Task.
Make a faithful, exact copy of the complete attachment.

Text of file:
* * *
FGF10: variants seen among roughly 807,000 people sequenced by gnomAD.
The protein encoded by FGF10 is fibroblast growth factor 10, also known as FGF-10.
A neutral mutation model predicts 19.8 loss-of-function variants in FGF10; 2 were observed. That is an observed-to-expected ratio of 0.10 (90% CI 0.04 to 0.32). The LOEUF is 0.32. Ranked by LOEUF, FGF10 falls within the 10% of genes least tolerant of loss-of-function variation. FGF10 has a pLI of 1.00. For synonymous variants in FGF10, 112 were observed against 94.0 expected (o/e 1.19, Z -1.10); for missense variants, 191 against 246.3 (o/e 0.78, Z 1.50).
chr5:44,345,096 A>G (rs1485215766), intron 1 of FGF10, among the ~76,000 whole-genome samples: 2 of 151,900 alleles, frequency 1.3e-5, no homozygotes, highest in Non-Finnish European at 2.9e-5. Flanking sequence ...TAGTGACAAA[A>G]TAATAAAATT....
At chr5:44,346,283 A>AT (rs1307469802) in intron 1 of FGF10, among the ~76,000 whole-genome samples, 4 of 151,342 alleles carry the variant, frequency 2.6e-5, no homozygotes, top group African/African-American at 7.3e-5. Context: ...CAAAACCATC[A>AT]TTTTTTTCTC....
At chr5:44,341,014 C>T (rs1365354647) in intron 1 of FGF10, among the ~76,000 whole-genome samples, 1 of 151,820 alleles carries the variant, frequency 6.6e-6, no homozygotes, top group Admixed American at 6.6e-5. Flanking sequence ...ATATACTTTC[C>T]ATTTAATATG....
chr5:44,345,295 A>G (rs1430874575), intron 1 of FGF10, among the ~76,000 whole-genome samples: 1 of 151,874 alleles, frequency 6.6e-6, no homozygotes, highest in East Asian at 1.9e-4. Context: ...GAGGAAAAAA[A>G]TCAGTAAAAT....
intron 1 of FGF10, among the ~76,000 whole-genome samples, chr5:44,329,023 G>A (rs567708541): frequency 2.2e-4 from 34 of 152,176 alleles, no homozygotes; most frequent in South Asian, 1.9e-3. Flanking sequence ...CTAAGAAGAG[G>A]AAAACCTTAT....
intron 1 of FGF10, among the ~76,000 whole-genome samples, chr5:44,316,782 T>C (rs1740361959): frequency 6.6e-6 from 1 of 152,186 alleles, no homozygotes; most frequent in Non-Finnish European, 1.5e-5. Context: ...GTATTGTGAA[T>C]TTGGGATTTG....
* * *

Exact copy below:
FGF10: variants seen among roughly 807,000 people sequenced by gnomAD.
The protein encoded by FGF10 is fibroblast growth factor 10, also known as FGF-10.
A neutral mutation model predicts 19.8 loss-of-function variants in FGF10; 2 were observed. That is an observed-to-expected ratio of 0.10 (90% CI 0.04 to 0.32). The LOEUF is 0.32. Ranked by LOEUF, FGF10 falls within the 10% of genes least tolerant of loss-of-function variation. FGF10 has a pLI of 1.00. For synonymous variants in FGF10, 112 were observed against 94.0 expected (o/e 1.19, Z -1.10); for missense variants, 191 against 246.3 (o/e 0.78, Z 1.50).
chr5:44,345,096 A>G (rs1485215766), intron 1 of FGF10, among the ~76,000 whole-genome samples: 2 of 151,900 alleles, frequency 1.3e-5, no homozygotes, highest in Non-Finnish European at 2.9e-5. Flanking sequence ...TAGTGACAAA[A>G]TAATAAAATT....
At chr5:44,346,283 A>AT (rs1307469802) in intron 1 of FGF10, among the ~76,000 whole-genome samples, 4 of 151,342 alleles carry the variant, frequency 2.6e-5, no homozygotes, top group African/African-American at 7.3e-5. Context: ...CAAAACCATC[A>AT]TTTTTTTCTC....
At chr5:44,341,014 C>T (rs1365354647) in intron 1 of FGF10, among the ~76,000 whole-genome samples, 1 of 151,820 alleles carries the variant, frequency 6.6e-6, no homozygotes, top group Admixed American at 6.6e-5. Flanking sequence ...ATATACTTTC[C>T]ATTTAATATG....
chr5:44,345,295 A>G (rs1430874575), intron 1 of FGF10, among the ~76,000 whole-genome samples: 1 of 151,874 alleles, frequency 6.6e-6, no homozygotes, highest in East Asian at 1.9e-4. Context: ...GAGGAAAAAA[A>G]TCAGTAAAAT....
intron 1 of FGF10, among the ~76,000 whole-genome samples, chr5:44,329,023 G>A (rs567708541): frequency 2.2e-4 from 34 of 152,176 alleles, no homozygotes; most frequent in South Asian, 1.9e-3. Flanking sequence ...CTAAGAAGAG[G>A]AAAACCTTAT....
intron 1 of FGF10, among the ~76,000 whole-genome samples, chr5:44,316,782 T>C (rs1740361959): frequency 6.6e-6 from 1 of 152,186 alleles, no homozygotes; most frequent in Non-Finnish European, 1.5e-5. Context: ...GTATTGTGAA[T>C]TTGGGATTTG....